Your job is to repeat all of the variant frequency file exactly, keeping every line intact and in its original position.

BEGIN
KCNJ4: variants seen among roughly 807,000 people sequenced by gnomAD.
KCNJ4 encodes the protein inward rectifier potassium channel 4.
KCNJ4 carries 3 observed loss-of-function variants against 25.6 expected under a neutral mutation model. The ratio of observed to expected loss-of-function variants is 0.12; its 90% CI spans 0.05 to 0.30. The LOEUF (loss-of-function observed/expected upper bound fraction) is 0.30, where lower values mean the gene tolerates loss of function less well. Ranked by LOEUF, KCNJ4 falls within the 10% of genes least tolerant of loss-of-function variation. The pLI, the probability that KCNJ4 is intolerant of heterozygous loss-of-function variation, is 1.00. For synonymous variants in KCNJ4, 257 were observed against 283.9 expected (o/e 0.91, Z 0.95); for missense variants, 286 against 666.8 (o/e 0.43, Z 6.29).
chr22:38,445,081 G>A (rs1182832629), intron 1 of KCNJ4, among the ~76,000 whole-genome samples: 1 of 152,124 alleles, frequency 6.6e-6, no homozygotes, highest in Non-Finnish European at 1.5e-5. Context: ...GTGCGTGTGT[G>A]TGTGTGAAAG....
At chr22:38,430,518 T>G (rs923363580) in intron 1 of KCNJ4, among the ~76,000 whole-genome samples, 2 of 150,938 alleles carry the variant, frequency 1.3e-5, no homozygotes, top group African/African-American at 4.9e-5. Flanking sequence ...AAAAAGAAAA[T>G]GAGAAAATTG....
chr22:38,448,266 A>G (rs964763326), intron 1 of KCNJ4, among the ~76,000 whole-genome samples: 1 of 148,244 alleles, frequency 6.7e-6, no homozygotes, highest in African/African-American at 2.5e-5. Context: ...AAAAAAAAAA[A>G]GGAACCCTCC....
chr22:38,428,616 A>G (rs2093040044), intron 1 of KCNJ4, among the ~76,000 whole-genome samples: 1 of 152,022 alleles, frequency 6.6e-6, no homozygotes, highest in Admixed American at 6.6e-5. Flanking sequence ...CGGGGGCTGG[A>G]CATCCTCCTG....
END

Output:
KCNJ4: variants seen among roughly 807,000 people sequenced by gnomAD.
KCNJ4 encodes the protein inward rectifier potassium channel 4.
KCNJ4 carries 3 observed loss-of-function variants against 25.6 expected under a neutral mutation model. The ratio of observed to expected loss-of-function variants is 0.12; its 90% CI spans 0.05 to 0.30. The LOEUF (loss-of-function observed/expected upper bound fraction) is 0.30, where lower values mean the gene tolerates loss of function less well. Ranked by LOEUF, KCNJ4 falls within the 10% of genes least tolerant of loss-of-function variation. The pLI, the probability that KCNJ4 is intolerant of heterozygous loss-of-function variation, is 1.00. For synonymous variants in KCNJ4, 257 were observed against 283.9 expected (o/e 0.91, Z 0.95); for missense variants, 286 against 666.8 (o/e 0.43, Z 6.29).
chr22:38,445,081 G>A (rs1182832629), intron 1 of KCNJ4, among the ~76,000 whole-genome samples: 1 of 152,124 alleles, frequency 6.6e-6, no homozygotes, highest in Non-Finnish European at 1.5e-5. Context: ...GTGCGTGTGT[G>A]TGTGTGAAAG....
At chr22:38,430,518 T>G (rs923363580) in intron 1 of KCNJ4, among the ~76,000 whole-genome samples, 2 of 150,938 alleles carry the variant, frequency 1.3e-5, no homozygotes, top group African/African-American at 4.9e-5. Flanking sequence ...AAAAAGAAAA[T>G]GAGAAAATTG....
chr22:38,448,266 A>G (rs964763326), intron 1 of KCNJ4, among the ~76,000 whole-genome samples: 1 of 148,244 alleles, frequency 6.7e-6, no homozygotes, highest in African/African-American at 2.5e-5. Context: ...AAAAAAAAAA[A>G]GGAACCCTCC....
chr22:38,428,616 A>G (rs2093040044), intron 1 of KCNJ4, among the ~76,000 whole-genome samples: 1 of 152,022 alleles, frequency 6.6e-6, no homozygotes, highest in Admixed American at 6.6e-5. Flanking sequence ...CGGGGGCTGG[A>G]CATCCTCCTG....